1. Is there teething? A cold? Maybe less of an appetite than you expect? It could also be simple experimenting. If nothing else seems to be different or off, I would try not to make a big deal of it, remind him and demonstrate how to chew, and hopefully it passes quickly!

  5. My 14 month old seems to be having a texture problem with things like vegetables, whether they are cooked or not. I’ve tried putting them in mashed potatoes or baby food to introduce him to the textures. I’ve not tried giving him a lot of meat because he doesn’t chew well. Tonight he ate almost a whole banana. When I gave him a green bean, he gagged until he threw up . He’s getting to where he doesn’t even want to eat baby food. The only thing I can get him to eat well is something sweet and/or crunchy. I don’t know whether to seek a feeding therapist or not, and whether to stop baby food.

    1. Hi- It’s possible that a referral to a feeding therapist might help you suss out what the main issues are here. Kids this age often aren’t as hungry as we expect and they can start to have preferences for certain foods over others, which is normal. If there’s a lot of gagging, even when the food is in small pieces and it’s soft, there’s a lot of gagging with purees, or you are just feeling at a loss for what to feed your child, I would reach out to your pediatrician and ask for a referral. I can also send two names of people who do telehealth but in person is likely most helpful for this situation.

  6. My granddaughter almost 4. She will each mac and cheese, yogurt, and drinks the pedia milkshakes. That is her entire diet. Her doc says don’t worry about it but….

    She gags on anything else and now won’t even try.

    1. Have you asked for a referral to a feeding therapist? That might be a good idea given the mention of gagging.

  7. My 3 year old son gags every time he eats a piece of fruit, even if it’s cut up and he doesn’t like pureed fruit either. Sneaking them into muffins or yogurt, etc… hasn’t worked. Any ideas on how to get him to eat them? He is fine eating everything else.

    1. How about those applesauce pouches? My daughter likes the strawberry apple and peach apple varieties. Have you let him suck on orange wedges? That might help. Blueberries are my daughter’s favorite. Some kids don’t like fruit because of digestive problems. My brother had issues and it turned out he does better with cooked fruit. You can also try making smoothies like strawberry banana smoothies with milk or yogurt. I’ve also made fresh squeezed orange juice and carrot juices for my daughter.

  8. I believe my 15 month old has texture issues. He will mostly eat pureed food, but will eat some other foods like frozen waffles, french fries, baby puffs and a few other hard/crunchy foods. I want to add more protein to his diet. Any suggestions? He is getting tested for a peanut allergy, so that is not an option right now.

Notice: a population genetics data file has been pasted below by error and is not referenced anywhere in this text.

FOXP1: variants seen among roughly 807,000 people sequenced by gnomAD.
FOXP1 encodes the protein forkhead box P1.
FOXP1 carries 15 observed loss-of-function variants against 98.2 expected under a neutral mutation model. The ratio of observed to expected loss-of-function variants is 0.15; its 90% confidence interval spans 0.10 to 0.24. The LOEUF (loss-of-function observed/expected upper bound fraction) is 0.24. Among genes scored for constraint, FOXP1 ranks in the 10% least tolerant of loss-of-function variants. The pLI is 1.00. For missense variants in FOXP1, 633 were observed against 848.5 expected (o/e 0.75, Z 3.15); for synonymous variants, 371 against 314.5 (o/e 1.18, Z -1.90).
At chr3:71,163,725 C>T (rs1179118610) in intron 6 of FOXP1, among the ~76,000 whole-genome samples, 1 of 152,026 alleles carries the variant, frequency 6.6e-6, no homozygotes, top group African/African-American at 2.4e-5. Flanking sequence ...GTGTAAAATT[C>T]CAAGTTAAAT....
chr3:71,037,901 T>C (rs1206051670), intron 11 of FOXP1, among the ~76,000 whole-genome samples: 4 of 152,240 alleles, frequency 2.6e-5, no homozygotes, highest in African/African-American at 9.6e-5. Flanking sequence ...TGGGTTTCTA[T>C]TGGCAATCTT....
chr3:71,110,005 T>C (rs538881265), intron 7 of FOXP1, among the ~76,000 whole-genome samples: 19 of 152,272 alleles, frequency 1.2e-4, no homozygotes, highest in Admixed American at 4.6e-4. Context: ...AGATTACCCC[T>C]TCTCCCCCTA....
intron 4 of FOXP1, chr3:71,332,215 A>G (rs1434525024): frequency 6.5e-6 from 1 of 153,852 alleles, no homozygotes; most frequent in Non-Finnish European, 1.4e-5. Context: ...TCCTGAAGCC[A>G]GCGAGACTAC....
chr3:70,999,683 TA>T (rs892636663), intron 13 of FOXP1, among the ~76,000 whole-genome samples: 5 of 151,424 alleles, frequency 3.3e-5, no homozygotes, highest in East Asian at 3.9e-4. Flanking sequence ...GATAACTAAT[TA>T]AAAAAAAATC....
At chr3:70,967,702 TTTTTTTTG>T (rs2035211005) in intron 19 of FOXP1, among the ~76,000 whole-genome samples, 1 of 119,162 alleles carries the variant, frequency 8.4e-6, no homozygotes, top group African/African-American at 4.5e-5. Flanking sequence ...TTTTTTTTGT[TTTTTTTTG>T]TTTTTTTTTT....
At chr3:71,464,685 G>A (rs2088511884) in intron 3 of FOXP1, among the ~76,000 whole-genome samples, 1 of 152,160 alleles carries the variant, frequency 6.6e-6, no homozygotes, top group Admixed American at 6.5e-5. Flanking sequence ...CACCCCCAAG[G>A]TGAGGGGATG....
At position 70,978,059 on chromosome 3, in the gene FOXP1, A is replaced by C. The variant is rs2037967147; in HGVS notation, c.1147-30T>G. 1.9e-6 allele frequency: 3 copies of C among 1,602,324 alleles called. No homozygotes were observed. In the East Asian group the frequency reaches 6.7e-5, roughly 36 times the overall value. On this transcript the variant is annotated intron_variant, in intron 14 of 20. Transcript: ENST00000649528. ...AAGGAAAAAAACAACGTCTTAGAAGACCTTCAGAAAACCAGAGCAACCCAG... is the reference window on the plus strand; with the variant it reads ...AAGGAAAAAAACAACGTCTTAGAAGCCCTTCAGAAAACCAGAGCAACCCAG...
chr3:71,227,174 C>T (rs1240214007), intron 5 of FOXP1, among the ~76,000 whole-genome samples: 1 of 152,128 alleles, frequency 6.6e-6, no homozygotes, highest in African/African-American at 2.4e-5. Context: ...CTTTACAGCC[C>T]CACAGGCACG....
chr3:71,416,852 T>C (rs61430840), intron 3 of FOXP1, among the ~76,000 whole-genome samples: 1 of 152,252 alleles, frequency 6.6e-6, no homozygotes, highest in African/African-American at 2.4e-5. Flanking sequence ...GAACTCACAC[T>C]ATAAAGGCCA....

1. My daughter didn’t like meat until we gave her some grilled chicken with BBQ sauce. She loved the spices. We don’t give them to her often, but she loves sausages too. Trader Joe’s sells great fish sticks that she loves to eat with ketchup.

  9. My little girl is 2 and a half and very particular about beans. She doesn’t like them whole or refried. And I’ve tried different varieties too, with no luck. She will spit them out if they are hidden in a burrito or soup. I keep putting them on her plate so she has a chance to try them again, but after about 30 times of trying this I’m about ready to give up. It’s too bad because beans are so nutritious. She is definitely sensitive to other food textures too. Any suggestions to get her to eat beans?

    1. What are her other sensitivities? Not every kid likes every food so it’s possible she’s just not a fan. Maybe take a break from trying for a little bit and then try again? That could help reset her assumptions about them…

  10. Hi there! We have a very picky eater. It’s so hard to tell if it’s texture issues or stubbornness. But he refuses to touch beef. He eats chicken, fish sticks, and sometimes bacon. He likes yogurt, cheese, applesauce, eggs and oats. But if I make anything like roast, chicken pot pie, chili, tacos, … pretty much anything not in the afore mentioned list… he won’t touch it. The only veggies he eats are tomatoes. (Cherry).
    Feel like we are at a standstill with our 2 year old!!!
    Wondering if it’s worth getting a dietician consult or just wait it out.
    He has always been lower on growth chart.
    Thank you for your time!

    1. Hi- Without knowing more about how he behaves at meals, how he’s growing (kids are normal at all spots on the growth curve, as long as they are following their own curve), whether you’re able to enjoy meals as a family, it’s hard to say specifically. But from what you describe here, it sounds like very typical toddler eating habits. In this situation, I could consider reading about the method called Division of Responsibility, making sure that meals are low pressure and easy for him to eat, and know that it takes a long time for kids to learn to eat a wide variety of foods. They each have natural likes and dislikes (flavor and texture) and that doesn’t make them picky or somehow wrong, just kids who are learning. I know it can be frustrating to make family meals when the kids don’t eat everything, which is why the Division of Responsibility can be useful. Also, I simply aim to include 1-2 foods with any meal that the kids usually like even if those foods are simple sides to keep everyone happy and sane. I hope that helps. If the child is anxious about foods, if you are really stressed and anxious in a way that is making it hard to feed your family, he is falling off of his growth curve, eats less than 15-20 foods over the course of a whole month, then you might consider getting more specific help.